tion cannot be owing to the shadow of two very unequal parts can admit of no a chain of mountains, since it is visible doubt." The diameters of Saturn are all round on the ring ; for there could not equal: that which is perpendicular be no shade at the ends of the ring; to the plane of his ring appears less by a similar argument will apply against one-eleventh than the diameter situated the opinions of very extended caverns. in that plane. If we compare this form It is pretty evident that this dark zone with that of Jupiter, we have reason to is contained between two concentric cir conclude that Saturn turns rapidly round cles, for all the phenomena correspond his shorter axis, and that the ring moves with the projection of such a zone. The in the plane of his equator. Herschel has nature of the ring Dr. Herschel thinks confirmed this opinion by actual observano less solid than that of Saturn itself, and tion. He has ascertained the duration of it is observed to cast a strong shadow up. a revolution of Saturn round his axis to on the planet. The light of the ring is also amount to 0.428 day. Huygens observed generally brighter than that of the planet, five belts upon this planet nearly parallel for the ring appears sufficiently bright to the equator. when the telescope affords scarcely light SATYRIUM, in botany, a genus of the enough for Saturn. The Doctor con. Gynandria Diandria class and order Nacludes that the edge of the ring is not fat, tural order of Orchideæ. Essential chabut spherical, or spheroidical. The di racter; nectary serotiform, or twin.infat. mensions of the ring, or of the two rings ed behind the flower. There are twentywith the space between them, Dr. Her one species. schel gives below:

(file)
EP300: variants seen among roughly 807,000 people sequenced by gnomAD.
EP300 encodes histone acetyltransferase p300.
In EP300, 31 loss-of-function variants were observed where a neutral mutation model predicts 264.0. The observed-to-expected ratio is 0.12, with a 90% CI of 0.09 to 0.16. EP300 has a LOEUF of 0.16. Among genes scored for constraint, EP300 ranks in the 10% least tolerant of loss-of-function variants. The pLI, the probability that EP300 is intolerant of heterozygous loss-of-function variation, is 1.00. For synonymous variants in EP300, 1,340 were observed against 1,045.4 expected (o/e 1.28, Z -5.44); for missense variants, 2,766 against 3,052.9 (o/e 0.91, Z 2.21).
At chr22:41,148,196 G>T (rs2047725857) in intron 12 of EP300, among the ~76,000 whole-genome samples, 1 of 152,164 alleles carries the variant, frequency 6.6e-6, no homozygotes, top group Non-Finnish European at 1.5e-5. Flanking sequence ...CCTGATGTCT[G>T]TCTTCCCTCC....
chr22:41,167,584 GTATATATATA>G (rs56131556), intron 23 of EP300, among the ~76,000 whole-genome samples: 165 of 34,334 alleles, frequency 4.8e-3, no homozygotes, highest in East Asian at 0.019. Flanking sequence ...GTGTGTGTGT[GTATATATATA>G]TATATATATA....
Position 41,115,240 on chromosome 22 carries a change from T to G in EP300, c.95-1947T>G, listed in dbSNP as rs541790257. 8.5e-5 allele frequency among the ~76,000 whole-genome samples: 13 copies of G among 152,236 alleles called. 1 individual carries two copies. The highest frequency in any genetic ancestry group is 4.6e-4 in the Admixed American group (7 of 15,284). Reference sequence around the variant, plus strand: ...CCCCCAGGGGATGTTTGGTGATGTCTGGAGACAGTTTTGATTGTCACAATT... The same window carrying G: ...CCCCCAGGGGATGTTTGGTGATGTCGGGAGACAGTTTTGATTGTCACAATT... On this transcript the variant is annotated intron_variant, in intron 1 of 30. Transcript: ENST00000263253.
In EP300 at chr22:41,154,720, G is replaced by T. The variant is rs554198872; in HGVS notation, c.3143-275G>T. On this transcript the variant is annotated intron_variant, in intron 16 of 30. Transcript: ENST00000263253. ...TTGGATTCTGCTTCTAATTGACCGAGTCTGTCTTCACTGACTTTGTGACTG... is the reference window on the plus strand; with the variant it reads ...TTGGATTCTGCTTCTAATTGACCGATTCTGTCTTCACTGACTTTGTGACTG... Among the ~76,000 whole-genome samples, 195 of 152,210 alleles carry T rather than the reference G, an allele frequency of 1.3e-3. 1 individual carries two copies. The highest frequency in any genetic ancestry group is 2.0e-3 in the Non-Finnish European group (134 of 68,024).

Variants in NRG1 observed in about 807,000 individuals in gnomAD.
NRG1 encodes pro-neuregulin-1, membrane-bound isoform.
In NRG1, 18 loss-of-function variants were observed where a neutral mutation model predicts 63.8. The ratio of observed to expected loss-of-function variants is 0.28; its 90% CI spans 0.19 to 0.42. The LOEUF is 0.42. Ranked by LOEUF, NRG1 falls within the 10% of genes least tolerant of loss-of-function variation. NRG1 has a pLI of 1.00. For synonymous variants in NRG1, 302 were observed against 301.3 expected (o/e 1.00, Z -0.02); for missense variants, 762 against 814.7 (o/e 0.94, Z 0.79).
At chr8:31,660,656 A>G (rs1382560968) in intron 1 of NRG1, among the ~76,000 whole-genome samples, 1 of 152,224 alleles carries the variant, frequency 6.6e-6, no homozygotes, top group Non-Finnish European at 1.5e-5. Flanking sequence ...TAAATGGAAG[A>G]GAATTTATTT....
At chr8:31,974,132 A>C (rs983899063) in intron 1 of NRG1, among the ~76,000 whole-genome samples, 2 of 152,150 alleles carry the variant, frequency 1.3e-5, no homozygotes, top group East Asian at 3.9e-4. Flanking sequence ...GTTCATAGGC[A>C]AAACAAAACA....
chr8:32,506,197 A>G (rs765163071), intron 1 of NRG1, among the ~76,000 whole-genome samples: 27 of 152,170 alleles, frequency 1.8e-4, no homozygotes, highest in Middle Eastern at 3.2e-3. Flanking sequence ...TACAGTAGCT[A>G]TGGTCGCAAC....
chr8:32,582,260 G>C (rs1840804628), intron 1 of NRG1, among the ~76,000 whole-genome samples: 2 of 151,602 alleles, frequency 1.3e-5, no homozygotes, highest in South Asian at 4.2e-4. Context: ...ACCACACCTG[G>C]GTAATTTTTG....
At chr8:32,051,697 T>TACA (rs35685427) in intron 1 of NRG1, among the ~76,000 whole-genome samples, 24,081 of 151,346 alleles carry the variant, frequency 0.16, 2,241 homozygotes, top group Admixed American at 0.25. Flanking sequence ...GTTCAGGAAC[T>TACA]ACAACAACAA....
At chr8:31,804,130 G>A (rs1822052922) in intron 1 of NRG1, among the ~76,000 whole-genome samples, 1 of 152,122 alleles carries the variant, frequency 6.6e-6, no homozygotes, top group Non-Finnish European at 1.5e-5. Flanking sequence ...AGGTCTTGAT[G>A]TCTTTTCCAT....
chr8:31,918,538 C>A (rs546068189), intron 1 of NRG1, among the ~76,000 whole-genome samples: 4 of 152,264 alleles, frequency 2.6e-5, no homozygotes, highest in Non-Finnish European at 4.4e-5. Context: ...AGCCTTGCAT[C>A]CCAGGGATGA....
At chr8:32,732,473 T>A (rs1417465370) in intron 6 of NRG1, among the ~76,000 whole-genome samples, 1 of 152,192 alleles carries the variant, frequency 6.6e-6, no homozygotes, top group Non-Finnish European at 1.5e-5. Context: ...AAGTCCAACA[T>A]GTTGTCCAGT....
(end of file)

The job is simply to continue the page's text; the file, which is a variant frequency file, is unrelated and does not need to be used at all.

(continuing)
SAUCISSE, or Sausage, in the military